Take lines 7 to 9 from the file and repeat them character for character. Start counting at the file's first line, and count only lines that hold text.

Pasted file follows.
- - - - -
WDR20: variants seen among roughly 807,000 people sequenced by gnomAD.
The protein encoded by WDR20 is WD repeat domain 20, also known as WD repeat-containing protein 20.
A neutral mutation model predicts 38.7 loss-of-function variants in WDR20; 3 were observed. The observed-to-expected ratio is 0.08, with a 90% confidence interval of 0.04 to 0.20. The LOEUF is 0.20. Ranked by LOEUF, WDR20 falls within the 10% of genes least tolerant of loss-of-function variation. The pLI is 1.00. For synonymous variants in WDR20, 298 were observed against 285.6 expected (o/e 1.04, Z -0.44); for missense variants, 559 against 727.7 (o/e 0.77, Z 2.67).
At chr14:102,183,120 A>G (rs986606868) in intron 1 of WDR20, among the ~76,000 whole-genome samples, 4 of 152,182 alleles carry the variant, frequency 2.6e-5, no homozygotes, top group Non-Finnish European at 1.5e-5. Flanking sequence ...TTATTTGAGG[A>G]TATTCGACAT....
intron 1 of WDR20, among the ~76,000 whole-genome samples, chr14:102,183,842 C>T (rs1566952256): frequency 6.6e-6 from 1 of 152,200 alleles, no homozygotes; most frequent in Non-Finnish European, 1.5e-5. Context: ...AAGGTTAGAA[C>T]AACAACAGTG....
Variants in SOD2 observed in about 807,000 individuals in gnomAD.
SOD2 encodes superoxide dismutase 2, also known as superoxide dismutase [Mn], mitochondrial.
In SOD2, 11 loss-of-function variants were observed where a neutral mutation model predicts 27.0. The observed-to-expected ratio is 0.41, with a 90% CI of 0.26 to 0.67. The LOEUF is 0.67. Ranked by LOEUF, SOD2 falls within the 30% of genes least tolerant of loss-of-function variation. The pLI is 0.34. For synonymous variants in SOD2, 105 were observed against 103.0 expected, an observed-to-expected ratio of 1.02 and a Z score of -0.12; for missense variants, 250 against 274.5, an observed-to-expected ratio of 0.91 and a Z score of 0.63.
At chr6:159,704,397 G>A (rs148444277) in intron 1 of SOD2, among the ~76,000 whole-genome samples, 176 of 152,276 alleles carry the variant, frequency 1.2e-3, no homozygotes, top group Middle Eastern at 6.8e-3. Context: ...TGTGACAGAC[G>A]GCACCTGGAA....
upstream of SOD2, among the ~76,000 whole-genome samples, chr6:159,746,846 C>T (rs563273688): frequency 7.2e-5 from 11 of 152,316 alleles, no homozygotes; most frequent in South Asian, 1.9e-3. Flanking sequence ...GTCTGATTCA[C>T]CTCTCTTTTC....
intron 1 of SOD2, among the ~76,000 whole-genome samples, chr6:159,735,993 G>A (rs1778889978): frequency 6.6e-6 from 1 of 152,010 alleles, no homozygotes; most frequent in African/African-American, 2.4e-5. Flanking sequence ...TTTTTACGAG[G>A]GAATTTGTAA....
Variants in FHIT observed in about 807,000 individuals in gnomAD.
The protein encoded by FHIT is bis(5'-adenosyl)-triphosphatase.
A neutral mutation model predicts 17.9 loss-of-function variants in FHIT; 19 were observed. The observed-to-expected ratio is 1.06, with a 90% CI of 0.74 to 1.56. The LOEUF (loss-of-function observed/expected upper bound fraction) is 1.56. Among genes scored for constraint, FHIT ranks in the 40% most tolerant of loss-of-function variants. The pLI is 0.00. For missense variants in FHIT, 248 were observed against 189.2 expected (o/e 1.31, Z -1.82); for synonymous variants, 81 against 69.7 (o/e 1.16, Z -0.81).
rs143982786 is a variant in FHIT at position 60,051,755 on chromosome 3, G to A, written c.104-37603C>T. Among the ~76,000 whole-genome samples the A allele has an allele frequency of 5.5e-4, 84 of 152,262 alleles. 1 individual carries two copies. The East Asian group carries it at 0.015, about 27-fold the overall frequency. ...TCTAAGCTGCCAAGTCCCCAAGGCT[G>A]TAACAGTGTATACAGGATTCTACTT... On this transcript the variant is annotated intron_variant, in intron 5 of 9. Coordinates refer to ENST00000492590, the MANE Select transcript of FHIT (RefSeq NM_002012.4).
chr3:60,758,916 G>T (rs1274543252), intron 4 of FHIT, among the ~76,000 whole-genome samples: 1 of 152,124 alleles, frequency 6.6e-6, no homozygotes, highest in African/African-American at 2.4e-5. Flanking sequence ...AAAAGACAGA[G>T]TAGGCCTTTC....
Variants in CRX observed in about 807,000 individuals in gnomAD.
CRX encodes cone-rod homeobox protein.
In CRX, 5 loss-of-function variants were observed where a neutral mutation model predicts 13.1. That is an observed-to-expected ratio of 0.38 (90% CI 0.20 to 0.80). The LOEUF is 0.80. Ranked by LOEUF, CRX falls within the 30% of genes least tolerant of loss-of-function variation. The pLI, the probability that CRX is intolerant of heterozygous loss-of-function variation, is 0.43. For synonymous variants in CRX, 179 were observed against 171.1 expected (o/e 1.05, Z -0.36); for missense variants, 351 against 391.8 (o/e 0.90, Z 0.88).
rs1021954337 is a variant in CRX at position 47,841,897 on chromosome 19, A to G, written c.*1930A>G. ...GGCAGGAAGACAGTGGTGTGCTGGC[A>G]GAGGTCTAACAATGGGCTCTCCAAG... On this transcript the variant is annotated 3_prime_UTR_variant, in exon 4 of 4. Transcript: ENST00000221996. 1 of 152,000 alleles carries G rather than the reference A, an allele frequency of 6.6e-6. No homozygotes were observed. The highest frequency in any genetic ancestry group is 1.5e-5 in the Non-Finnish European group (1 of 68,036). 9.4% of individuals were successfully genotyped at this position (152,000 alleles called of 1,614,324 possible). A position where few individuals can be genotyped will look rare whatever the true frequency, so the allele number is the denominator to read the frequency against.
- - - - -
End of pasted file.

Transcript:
SOD2 encodes superoxide dismutase 2, also known as superoxide dismutase [Mn], mitochondrial.
In SOD2, 11 loss-of-function variants were observed where a neutral mutation model predicts 27.0. The observed-to-expected ratio is 0.41, with a 90% CI of 0.26 to 0.67. The LOEUF is 0.67. Ranked by LOEUF, SOD2 falls within the 30% of genes least tolerant of loss-of-function variation. The pLI is 0.34. For synonymous variants in SOD2, 105 were observed against 103.0 expected, an observed-to-expected ratio of 1.02 and a Z score of -0.12; for missense variants, 250 against 274.5, an observed-to-expected ratio of 0.91 and a Z score of 0.63.
At chr6:159,704,397 G>A (rs148444277) in intron 1 of SOD2, among the ~76,000 whole-genome samples, 176 of 152,276 alleles carry the variant, frequency 1.2e-3, no homozygotes, top group Middle Eastern at 6.8e-3. Context: ...TGTGACAGAC[G>A]GCACCTGGAA....